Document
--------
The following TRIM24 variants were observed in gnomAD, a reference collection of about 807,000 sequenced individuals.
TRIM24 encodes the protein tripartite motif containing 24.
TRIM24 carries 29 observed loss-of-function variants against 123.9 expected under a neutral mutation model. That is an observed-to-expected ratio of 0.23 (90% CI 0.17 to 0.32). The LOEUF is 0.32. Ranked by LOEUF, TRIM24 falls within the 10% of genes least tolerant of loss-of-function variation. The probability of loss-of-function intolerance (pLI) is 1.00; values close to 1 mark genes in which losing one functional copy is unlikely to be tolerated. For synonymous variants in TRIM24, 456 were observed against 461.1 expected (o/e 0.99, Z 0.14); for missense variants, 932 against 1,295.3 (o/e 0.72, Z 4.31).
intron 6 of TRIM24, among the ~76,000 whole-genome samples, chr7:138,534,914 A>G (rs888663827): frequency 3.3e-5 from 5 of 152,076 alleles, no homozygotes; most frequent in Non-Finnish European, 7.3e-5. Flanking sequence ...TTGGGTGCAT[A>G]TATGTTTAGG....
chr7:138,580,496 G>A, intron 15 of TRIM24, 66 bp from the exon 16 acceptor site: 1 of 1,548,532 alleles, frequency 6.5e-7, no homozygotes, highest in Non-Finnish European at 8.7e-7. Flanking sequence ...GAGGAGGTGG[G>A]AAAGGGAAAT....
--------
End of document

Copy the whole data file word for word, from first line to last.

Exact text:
The following TRIM24 variants were observed in gnomAD, a reference collection of about 807,000 sequenced individuals.
TRIM24 encodes the protein tripartite motif containing 24.
TRIM24 carries 29 observed loss-of-function variants against 123.9 expected under a neutral mutation model. That is an observed-to-expected ratio of 0.23 (90% CI 0.17 to 0.32). The LOEUF is 0.32. Ranked by LOEUF, TRIM24 falls within the 10% of genes least tolerant of loss-of-function variation. The probability of loss-of-function intolerance (pLI) is 1.00; values close to 1 mark genes in which losing one functional copy is unlikely to be tolerated. For synonymous variants in TRIM24, 456 were observed against 461.1 expected (o/e 0.99, Z 0.14); for missense variants, 932 against 1,295.3 (o/e 0.72, Z 4.31).
intron 6 of TRIM24, among the ~76,000 whole-genome samples, chr7:138,534,914 A>G (rs888663827): frequency 3.3e-5 from 5 of 152,076 alleles, no homozygotes; most frequent in Non-Finnish European, 7.3e-5. Flanking sequence ...TTGGGTGCAT[A>G]TATGTTTAGG....
chr7:138,580,496 G>A, intron 15 of TRIM24, 66 bp from the exon 16 acceptor site: 1 of 1,548,532 alleles, frequency 6.5e-7, no homozygotes, highest in Non-Finnish European at 8.7e-7. Flanking sequence ...GAGGAGGTGG[G>A]AAAGGGAAAT....